Supposedly, there was a historic marker where Mokelumne City once stood, a few hundred feet from a bridge over the Mokelumne River. I drove northeast from San Francisco Bay, crossing the San Joaquin on a giant span near the town of Antioch. Below me I could see the Sacramento–San Joaquin River Delta, an immense flatland of farms, walnut groves, and irrigation ditches, all protected from the rivers by a network of levees. The road to Mokelumne City runs on the top of the levee holding back the Sacramento River. Driving upriver, the roofs of the farmhouses reached up to the height of my hubcaps.
A few miles east of a town called Walnut Grove, I arrived at the intersection of two farm roads and saw a three-foot-tall granite block set next to a paved turnout. According to state records, a plaque placed on the stone in 1935 once read: “Established in 1850, its prospects were bright. The second largest town in the county, it had deep water communication with San Francisco all year round, an advantage not possessed by any other town in the county except Stockton. The floods of 1862 destroyed the town.” Now the plaque, too, was gone.
I walked to the bridge. Nearby was an ancient-looking barn: it was built, reportedly, from the remains of Keith’s Hotel. At the river, I saw two squat levees extending along its banks, the only protection for the farms here from a future flood. The water below rolled by placidly; it was hard to imagine it turning into something that could erase a village.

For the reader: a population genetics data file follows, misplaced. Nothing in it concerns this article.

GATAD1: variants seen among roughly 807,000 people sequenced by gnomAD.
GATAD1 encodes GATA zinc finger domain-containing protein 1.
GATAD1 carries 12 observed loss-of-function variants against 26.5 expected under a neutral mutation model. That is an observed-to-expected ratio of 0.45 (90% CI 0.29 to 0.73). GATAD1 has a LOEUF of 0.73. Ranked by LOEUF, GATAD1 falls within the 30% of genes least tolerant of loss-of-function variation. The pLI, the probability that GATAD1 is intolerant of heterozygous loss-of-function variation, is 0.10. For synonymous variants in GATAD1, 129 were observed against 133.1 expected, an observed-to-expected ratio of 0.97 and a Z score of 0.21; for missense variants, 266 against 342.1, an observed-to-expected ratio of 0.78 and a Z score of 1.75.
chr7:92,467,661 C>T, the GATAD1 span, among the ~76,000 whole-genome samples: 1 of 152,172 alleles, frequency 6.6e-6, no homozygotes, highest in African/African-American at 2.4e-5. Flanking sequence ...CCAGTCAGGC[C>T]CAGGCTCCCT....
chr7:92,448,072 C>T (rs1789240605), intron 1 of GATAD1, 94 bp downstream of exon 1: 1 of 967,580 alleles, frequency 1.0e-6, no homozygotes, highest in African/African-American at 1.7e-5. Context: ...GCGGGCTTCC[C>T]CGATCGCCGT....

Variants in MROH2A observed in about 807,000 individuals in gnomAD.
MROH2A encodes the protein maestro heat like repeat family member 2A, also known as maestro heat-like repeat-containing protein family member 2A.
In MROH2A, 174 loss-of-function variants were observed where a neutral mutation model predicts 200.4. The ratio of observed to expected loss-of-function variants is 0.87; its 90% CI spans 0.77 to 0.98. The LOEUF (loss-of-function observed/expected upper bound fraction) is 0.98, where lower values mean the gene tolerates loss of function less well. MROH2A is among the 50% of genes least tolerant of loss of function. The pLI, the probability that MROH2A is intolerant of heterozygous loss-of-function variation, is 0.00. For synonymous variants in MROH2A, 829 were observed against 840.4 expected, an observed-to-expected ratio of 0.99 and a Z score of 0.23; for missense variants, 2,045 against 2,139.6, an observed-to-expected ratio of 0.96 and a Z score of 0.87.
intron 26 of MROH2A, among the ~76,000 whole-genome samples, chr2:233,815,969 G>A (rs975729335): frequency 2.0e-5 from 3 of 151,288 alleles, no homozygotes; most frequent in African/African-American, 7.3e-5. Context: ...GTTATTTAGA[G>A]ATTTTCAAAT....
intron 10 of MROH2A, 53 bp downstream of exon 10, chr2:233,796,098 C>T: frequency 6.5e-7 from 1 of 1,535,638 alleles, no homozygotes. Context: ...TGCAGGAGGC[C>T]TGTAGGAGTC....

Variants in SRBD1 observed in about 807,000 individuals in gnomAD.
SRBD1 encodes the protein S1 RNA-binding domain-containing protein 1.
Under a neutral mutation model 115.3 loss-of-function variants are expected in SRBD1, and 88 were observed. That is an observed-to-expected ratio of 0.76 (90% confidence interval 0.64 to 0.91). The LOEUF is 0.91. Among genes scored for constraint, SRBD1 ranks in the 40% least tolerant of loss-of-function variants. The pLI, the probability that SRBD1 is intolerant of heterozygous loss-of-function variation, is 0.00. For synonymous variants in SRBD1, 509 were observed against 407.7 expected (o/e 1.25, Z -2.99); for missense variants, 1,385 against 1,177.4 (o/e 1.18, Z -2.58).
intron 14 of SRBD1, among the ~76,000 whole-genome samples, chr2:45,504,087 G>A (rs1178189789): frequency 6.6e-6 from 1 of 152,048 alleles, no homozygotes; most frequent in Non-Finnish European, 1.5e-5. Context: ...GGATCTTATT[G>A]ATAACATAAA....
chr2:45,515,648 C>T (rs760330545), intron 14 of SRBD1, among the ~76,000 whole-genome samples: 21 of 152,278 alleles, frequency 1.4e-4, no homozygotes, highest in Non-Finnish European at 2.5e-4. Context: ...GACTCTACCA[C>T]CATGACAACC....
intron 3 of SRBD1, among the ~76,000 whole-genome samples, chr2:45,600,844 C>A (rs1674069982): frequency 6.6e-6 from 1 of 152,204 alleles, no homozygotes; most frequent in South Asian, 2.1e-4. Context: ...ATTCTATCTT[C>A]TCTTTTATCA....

A week later, almost four hundred miles south, I found myself high in the San Gabriel Mountains above Los Angeles, near the confluence of the San Gabriel River and a small tributary called Cattle Creek. The flood had hit here, too, a few days after Mokelumne City had been destroyed. Ayer, the Union soldier, said there was a week of solid rain, after which the streams from the mountains all turned into torrents. “It absolutely tore southern California to pieces,” he wrote.
Cattle Creek had been the site of a gold-mining camp called Eldoradoville. As many as 2,000 men and women lived there, until the flood came for them as well. The only way to survive the torrent was to scramble up the side of the hill and watch as the waters carried everything away.
When I visited, the San Gabriel River and Cattle Creek were barely flowing at all. Tents dotted the gravel bars for miles up the canyon; what was a pleasant place for a camp in 1862 is still a pleasant place now, as long as the rains hold off. There was no evidence of any of the structures that stood here, briefly, in the nineteenth century, but I did catch a few modern-day prospectors sluicing, illegally, for gold.
During the rest of my fieldwork in California, I saw fast-growing cities and massive dams and brand-new neighborhoods built right up against rivers that have flooded, catastrophically, many times before — though not recently enough to stop the developers from moving in with plans for a new subdivision. But the two most memorable moments of my trip came in the silence of those two non-places. Eldoradoville and Mokelumne City: they’re not the only towns we’ve lost, or will lose.
Christopher Cox is the author of The Deadline Effect, which will be published on July 6 by Avid Reader Books. He has written for The New York Times Magazine, Wired, Harper’s, and Slate.